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Interprotein Coupling Enhances the Electrocatalytic Efficiency of Tobacco Peroxidase Immobilized at a Graphite Electrode.

Olloqui-Sariego, José Luis; Zakharova, Galina S; Poloznikov, Andrey A; Calvente, Juan José; Hushpulian, Dmitry M; Gorton, Lo LU and Andreu, Rafael (2015) In Analytical Chemistry 87(21). p.10807-10814
Abstract
Covalent immobilization of enzymes at electrodes via amide bond formation is usually carried out by a two-step protocol, in which surface carboxylic groups are first activated with the corresponding cross-coupling reagents and then reacted with protein amine groups. Herein, it is shown that a modification of the above protocol, involving the simultaneous incubation of tobacco peroxidase and the pyrolytic graphite electrode with the cross-coupling reagents produces higher and more stable electrocatalytic currents than those obtained with either physically adsorbed enzymes or covalently immobilized enzymes according to the usual immobilization protocol. The remarkably improved electrocatalytic properties of the present peroxidase biosensor... (More)
Covalent immobilization of enzymes at electrodes via amide bond formation is usually carried out by a two-step protocol, in which surface carboxylic groups are first activated with the corresponding cross-coupling reagents and then reacted with protein amine groups. Herein, it is shown that a modification of the above protocol, involving the simultaneous incubation of tobacco peroxidase and the pyrolytic graphite electrode with the cross-coupling reagents produces higher and more stable electrocatalytic currents than those obtained with either physically adsorbed enzymes or covalently immobilized enzymes according to the usual immobilization protocol. The remarkably improved electrocatalytic properties of the present peroxidase biosensor that operates in the 0.3 V ≤ E ≤ 0.8 V (vs SHE) potential range can be attributed to both an efficient electronic coupling between tobacco peroxidase and graphite and to the formation of intra- and intermolecular amide bonds that stabilize the protein structure and improve the percentage of anchoring groups that provide an adequate orientation for electron exchange with the electrode. The optimized tobacco peroxidase sensor exhibits a working concentration range of 10-900 μM, a sensitivity of 0.08 A M(-1) cm(-2) (RSD 0.05), a detection limit of 2 μM (RSD 0.09), and a good long-term stability, as long as it operates at low temperature. These parameter values are among the best reported so far for a peroxidase biosensor operating under simple direct electron transfer conditions. (Less)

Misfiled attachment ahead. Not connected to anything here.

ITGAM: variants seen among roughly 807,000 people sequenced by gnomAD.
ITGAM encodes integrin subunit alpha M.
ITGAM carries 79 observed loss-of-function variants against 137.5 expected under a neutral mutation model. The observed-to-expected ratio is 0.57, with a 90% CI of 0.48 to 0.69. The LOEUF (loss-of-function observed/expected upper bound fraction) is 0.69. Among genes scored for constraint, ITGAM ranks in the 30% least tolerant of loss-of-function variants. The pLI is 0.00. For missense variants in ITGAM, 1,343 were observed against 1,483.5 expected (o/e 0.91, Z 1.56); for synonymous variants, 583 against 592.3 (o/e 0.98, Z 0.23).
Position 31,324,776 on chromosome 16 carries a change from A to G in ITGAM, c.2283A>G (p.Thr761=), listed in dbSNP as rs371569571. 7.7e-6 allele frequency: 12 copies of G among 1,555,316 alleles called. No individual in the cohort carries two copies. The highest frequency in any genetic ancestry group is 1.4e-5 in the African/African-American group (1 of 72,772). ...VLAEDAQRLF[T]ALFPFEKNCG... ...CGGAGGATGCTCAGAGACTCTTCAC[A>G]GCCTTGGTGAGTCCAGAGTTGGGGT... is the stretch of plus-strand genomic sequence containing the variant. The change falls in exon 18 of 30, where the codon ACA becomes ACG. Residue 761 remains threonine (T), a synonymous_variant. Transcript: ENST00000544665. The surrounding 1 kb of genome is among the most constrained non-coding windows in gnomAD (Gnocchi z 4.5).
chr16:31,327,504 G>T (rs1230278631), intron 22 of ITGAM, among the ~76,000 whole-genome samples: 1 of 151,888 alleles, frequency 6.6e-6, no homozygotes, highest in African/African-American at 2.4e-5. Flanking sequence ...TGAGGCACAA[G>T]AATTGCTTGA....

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author
organization
publishing date
type
Contribution to journal
publication status
published
subject
in
Analytical Chemistry
volume
87
issue
21
pages
10807 - 10814
publisher
The American Chemical Society
external identifiers
  • pmid:26437673
  • wos:000364354900025
  • scopus:84946430936
ISSN
1520-6882
DOI
10.1021/acs.analchem.5b01710
language
English
LU publication?
yes
id
e87f7e5c-2d1d-41a8-aef7-05bfdcd7d4f6 (old id 8158922)
date added to LUP
2015-11-15 22:49:07
date last changed
2017-07-23 03:05:15
@article{e87f7e5c-2d1d-41a8-aef7-05bfdcd7d4f6,
  abstract     = {Covalent immobilization of enzymes at electrodes via amide bond formation is usually carried out by a two-step protocol, in which surface carboxylic groups are first activated with the corresponding cross-coupling reagents and then reacted with protein amine groups. Herein, it is shown that a modification of the above protocol, involving the simultaneous incubation of tobacco peroxidase and the pyrolytic graphite electrode with the cross-coupling reagents produces higher and more stable electrocatalytic currents than those obtained with either physically adsorbed enzymes or covalently immobilized enzymes according to the usual immobilization protocol. The remarkably improved electrocatalytic properties of the present peroxidase biosensor that operates in the 0.3 V ≤ E ≤ 0.8 V (vs SHE) potential range can be attributed to both an efficient electronic coupling between tobacco peroxidase and graphite and to the formation of intra- and intermolecular amide bonds that stabilize the protein structure and improve the percentage of anchoring groups that provide an adequate orientation for electron exchange with the electrode. The optimized tobacco peroxidase sensor exhibits a working concentration range of 10-900 μM, a sensitivity of 0.08 A M(-1) cm(-2) (RSD 0.05), a detection limit of 2 μM (RSD 0.09), and a good long-term stability, as long as it operates at low temperature. These parameter values are among the best reported so far for a peroxidase biosensor operating under simple direct electron transfer conditions.},
  author       = {Olloqui-Sariego, José Luis and Zakharova, Galina S and Poloznikov, Andrey A and Calvente, Juan José and Hushpulian, Dmitry M and Gorton, Lo and Andreu, Rafael},
  issn         = {1520-6882},
  language     = {eng},
  number       = {21},
  pages        = {10807--10814},
  publisher    = {The American Chemical Society},
  series       = {Analytical Chemistry},
  title        = {Interprotein Coupling Enhances the Electrocatalytic Efficiency of Tobacco Peroxidase Immobilized at a Graphite Electrode.},
  url          = {http://dx.doi.org/10.1021/acs.analchem.5b01710},
  volume       = {87},
  year         = {2015},
}